Disabled community appeals for inclusion in COVID-19 messaging

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By Carl Joseph

The disabled community is claiming that the messaging being disseminated to most of the general population regarding the coronavirus has not yet made its way to them.

President of the Antigua and Barbuda Association of Persons Living with Disabilities (ABAPD), Bernard Warner, has penned a letter to the minister with the responsibility for those in that community, Samantha Marshall, appealing for the government to include them.

The obstacles to accessibility that present a frustrating struggle at the best of times, now pose a more formidable threat during an outbreak that has triggered unprecedented closures and protective measures across the country.

While such barriers persist throughout the island, Warner said that the failure by government agencies are particularly glaring as the outbreak unfolds.

“We have not heard either from the Minister of Health or the [Minister of Social Transformation] any public information in relation to this vulnerable population,” Warner said.

“None of the public announcements in the media – namely ABS – has included a sign language interpreter to properly and adequately inform persons who are deaf and hearing- impaired,” he added.

In the president’s letter, he lists this as one of the key areas for immediate redress in light of the global pandemic. Other areas include: the suspension of utility payments for 90 days; early approval of PDV Caribe subsidy for early shopping; and advanced Board of Guardians payouts.

The concerns, the president indicated, are indicative of the poor socio-economic state in which many of the over 200 members of the Association live.

Warner said, “Many of them don’t have any water, and they already have been shut in due to their compromised immune systems.”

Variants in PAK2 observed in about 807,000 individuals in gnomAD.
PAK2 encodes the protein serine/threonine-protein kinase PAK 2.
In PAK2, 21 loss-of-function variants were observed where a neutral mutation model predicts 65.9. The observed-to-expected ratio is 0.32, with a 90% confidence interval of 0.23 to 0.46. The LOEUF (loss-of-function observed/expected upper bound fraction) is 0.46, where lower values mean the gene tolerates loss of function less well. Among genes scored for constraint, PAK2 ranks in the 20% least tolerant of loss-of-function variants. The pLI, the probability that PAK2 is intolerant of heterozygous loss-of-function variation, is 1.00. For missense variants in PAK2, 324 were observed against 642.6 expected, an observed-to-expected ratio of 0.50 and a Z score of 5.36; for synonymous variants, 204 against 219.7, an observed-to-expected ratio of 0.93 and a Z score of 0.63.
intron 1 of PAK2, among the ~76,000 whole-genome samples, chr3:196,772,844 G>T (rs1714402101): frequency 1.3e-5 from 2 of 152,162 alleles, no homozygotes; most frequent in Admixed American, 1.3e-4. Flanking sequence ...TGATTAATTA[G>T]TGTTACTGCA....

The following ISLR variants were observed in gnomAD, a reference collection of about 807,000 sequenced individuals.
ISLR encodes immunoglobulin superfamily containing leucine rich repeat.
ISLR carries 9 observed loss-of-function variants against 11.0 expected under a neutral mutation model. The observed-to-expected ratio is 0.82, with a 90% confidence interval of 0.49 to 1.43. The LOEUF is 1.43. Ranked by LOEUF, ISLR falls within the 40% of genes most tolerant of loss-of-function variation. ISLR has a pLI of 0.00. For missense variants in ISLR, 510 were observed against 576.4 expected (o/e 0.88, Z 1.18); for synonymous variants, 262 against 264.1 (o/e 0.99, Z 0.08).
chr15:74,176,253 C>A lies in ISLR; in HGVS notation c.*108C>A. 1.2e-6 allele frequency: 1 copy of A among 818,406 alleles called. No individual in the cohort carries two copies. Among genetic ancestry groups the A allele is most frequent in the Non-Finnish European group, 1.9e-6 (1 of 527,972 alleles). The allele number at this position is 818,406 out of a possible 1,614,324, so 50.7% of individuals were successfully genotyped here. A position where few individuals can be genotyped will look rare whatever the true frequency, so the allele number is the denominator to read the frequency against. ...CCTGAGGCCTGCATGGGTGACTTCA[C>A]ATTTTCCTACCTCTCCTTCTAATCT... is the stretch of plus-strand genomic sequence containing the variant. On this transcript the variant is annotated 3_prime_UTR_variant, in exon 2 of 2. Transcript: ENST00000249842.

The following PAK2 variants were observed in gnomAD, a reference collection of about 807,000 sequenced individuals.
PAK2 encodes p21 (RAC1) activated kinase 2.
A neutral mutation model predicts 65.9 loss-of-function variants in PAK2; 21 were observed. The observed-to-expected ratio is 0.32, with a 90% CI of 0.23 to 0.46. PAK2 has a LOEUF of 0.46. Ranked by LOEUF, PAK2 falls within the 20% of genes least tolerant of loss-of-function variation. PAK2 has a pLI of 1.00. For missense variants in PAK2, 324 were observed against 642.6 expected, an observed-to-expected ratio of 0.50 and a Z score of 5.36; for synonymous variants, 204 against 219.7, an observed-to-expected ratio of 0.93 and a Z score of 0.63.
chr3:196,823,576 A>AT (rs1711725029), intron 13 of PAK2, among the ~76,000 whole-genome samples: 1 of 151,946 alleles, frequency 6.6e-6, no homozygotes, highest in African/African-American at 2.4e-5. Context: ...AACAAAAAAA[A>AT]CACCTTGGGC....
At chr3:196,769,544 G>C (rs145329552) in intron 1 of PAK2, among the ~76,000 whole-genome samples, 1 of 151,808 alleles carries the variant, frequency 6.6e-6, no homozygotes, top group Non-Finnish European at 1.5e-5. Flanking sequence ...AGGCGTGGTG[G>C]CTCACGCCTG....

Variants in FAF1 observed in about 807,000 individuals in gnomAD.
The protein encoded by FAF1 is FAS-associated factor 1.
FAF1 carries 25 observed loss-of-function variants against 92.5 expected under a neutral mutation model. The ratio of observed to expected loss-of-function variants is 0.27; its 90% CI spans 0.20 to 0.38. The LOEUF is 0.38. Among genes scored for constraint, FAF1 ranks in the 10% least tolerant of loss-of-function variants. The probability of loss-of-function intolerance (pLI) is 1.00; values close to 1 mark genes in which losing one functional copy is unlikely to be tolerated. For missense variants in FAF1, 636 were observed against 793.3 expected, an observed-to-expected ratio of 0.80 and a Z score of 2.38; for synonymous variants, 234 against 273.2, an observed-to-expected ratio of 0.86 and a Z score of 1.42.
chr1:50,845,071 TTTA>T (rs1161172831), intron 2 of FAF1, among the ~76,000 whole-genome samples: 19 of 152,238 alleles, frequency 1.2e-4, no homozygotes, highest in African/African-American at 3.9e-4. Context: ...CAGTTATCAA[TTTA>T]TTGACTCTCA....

The World Bank estimates state that one billion people, or 15 percent of the world’s population, experience some form of disability, with disability prevalence higher for developing countries. One-fifth of the estimated global total, or between 110 million and 190 million people, experience significant disabilities.

Warner used those estimates to conclude that in Antigua and Barbuda, there are roughly 15,000 people living with a disability, and 3,000 to 5,000 experience severe challenges.

 “I don’t think that the government has truly recognised the need to have conversations with the disabled or vulnerable community, or they would have already called us in… they would have already had a press conference to equip us with the tools and information to help our members,” Warner argued.

Another one of the president’s concerns is that of the susceptibility of immobile members of the community who depend almost exclusively on care provided.

“If you’re caring for a disabled person, you have to go to your regular job at some point. And, you may come across someone that may have the virus, and they bring it home, so all of us are overly-exposed,” Warner said.

He then made the argument for a re-equipping of persons providing care to the disabled to provide them with the necessary tools and protective gear to combat the COVID-19 spread.

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